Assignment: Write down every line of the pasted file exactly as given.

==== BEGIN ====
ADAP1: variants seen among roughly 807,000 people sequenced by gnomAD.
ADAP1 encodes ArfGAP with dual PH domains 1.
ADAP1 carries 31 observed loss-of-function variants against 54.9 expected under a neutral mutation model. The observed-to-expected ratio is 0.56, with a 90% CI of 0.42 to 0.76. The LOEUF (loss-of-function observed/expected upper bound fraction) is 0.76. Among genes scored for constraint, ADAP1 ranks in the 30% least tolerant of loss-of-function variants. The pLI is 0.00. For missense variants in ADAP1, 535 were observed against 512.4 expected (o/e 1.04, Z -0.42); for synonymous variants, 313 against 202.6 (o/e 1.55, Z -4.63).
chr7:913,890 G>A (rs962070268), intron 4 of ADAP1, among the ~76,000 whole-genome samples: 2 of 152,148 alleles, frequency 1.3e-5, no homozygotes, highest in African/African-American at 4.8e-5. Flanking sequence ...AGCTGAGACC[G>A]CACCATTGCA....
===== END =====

ADAP1: variants seen among roughly 807,000 people sequenced by gnomAD.
ADAP1 encodes ArfGAP with dual PH domains 1.
ADAP1 carries 31 observed loss-of-function variants against 54.9 expected under a neutral mutation model. The observed-to-expected ratio is 0.56, with a 90% CI of 0.42 to 0.76. The LOEUF (loss-of-function observed/expected upper bound fraction) is 0.76. Among genes scored for constraint, ADAP1 ranks in the 30% least tolerant of loss-of-function variants. The pLI is 0.00. For missense variants in ADAP1, 535 were observed against 512.4 expected (o/e 1.04, Z -0.42); for synonymous variants, 313 against 202.6 (o/e 1.55, Z -4.63).
chr7:913,890 G>A (rs962070268), intron 4 of ADAP1, among the ~76,000 whole-genome samples: 2 of 152,148 alleles, frequency 1.3e-5, no homozygotes, highest in African/African-American at 4.8e-5. Flanking sequence ...AGCTGAGACC[G>A]CACCATTGCA....